How a new program is preventing foot problems in diabetic Islanders

Gary Gaudet of Stratford walks on the Stepscan. He was diagnosed with diabetes about 30 years ago.  (Sheehan Desjardins/CBC News - image credit)
Gary Gaudet of Stratford walks on the Stepscan. He was diagnosed with diabetes about 30 years ago. (Sheehan Desjardins/CBC News - image credit)

A new made-in-P.E.I. technology is helping detect and prevent foot problems in patients with diabetes.

It's called Stepscan and looks like a long floor mat with sensors hidden underneath. As a patient walks along the top, the sensors analyze and reflect their steps on a computer nearby.

"So we have some higher pressure areas in the red here, underneath the balls of your feet," said Hayden Atkinson, a physiotherapist who runs the tests.

"This would be where more of the pressure is being distributed in your feet and it's kind of putting you at a higher risk for an ulcer."

The screen is lit up with a replay of the patient's steps. Red indicates where the most pressure was placed and light blue, the least.

Sheehan Desjardins/CBC News
Sheehan Desjardins/CBC News

The physiotherapist then uses that information to give feedback and exercises that might help the individual better distribute the weight on their feet.

'Hopefully this will help'

Stratford's Gary Gaudet was diagnosed with diabetes around 30 years ago. The disease can cause nerve damage and poor circulation leading to foot ulcers or in some cases amputation.

"I learnt that I was walking heavy on the balls of my feet," said Gaudet.

"If I had blisters  ... I have to be very careful because once they bust, they bleed, whatever, and it's hard to get them healed."

Sheehan Desjardins/CBC News
Sheehan Desjardins/CBC News

Gaudet has been registered in the Diabetes Active Steps for Health (DASH) program for about three weeks now. In addition to foot health, the program is also trying to prevent clients from falling.

"About six months ago, I got dizzy spells," he said.

"I'm always afraid of falling because when I stoop over or if I look down, I have a tendency to wobble ... So hopefully this will help me."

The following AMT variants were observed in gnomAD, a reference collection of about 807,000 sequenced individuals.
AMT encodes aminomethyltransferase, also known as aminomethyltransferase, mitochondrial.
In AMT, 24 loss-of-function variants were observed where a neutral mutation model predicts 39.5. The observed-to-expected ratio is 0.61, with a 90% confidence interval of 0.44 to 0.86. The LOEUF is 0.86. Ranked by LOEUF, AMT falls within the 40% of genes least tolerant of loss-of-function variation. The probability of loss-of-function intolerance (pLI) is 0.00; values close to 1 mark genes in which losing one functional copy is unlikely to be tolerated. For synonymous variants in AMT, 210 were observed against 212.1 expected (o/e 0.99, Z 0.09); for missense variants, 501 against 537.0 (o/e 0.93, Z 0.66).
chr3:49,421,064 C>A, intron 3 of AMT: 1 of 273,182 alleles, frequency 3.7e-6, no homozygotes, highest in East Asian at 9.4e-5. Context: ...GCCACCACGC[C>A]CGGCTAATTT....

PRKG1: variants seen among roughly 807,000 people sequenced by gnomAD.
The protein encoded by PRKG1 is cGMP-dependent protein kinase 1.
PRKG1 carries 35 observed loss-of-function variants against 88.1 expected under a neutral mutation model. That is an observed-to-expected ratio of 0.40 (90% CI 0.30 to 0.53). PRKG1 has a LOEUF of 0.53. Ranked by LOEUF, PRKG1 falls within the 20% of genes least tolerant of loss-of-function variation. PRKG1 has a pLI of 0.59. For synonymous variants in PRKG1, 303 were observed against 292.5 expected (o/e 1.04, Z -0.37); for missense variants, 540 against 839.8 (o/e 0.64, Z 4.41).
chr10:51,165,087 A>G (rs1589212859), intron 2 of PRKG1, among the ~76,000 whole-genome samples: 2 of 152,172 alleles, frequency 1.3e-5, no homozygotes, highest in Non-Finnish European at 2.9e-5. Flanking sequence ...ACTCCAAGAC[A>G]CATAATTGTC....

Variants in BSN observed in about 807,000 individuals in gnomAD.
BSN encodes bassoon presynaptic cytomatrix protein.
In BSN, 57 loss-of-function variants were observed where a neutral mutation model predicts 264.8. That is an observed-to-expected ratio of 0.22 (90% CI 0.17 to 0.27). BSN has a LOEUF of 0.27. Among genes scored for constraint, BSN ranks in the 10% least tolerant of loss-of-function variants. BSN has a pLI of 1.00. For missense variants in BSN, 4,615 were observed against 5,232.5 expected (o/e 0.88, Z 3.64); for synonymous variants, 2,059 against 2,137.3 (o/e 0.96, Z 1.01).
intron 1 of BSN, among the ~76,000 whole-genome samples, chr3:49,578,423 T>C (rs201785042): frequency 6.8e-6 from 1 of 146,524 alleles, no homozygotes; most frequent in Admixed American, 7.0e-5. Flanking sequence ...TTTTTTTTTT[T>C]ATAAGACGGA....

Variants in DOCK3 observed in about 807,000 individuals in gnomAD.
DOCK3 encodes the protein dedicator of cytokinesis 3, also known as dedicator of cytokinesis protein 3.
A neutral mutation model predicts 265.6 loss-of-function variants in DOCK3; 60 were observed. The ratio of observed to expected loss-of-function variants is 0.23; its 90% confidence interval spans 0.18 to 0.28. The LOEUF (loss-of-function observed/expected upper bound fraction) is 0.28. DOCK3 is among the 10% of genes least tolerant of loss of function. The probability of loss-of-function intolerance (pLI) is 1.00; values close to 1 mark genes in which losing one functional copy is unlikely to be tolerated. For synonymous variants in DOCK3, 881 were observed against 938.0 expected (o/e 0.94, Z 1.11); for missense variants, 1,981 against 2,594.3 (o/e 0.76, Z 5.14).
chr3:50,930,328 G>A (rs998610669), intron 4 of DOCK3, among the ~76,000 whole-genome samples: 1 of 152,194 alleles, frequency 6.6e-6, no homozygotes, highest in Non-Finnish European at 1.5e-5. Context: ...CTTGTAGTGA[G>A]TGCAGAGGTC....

Looking for more clients

Between visits, Gaudet is working on exercises at home to help with foot health and balance. At the eight-week mark, he will be reassessed to see if there has been any improvement.

"If you're a diabetic and you're scared of falling or whatever, get into this program and see if you learn something from it," he said.

Sheehan Desjardins/CBC News
Sheehan Desjardins/CBC News

Atkinson agrees: "It's a small clinic that I hope can grow a little bit and get more people involved," he said.

"They've been very appreciative and everybody's been very happy to come in."

'Great potential'

The program is currently open to anyone over the age of 50 living with diabetes or those with the condition who have a higher risk of falling.

"They don't need a doctor to refer," said Carolyn MacPhail, manager of chronic disease prevention and management with Health P.E.I.

"However, a doctor or nurse practitioner or other health-care provider can refer on their behalf if that's easier for the patient."

Sheehan Desjardins/CBC News
Sheehan Desjardins/CBC News

MacPhail said although DASH has only been available for around five weeks now, feedback has been positive and spots are still available for Islanders who meet the criteria.

"It's very exciting and so far we are seeing improved efficiencies and also improved objective findings," she said.

"So we do see great potential ... We definitely see this as being part of future health-care delivery."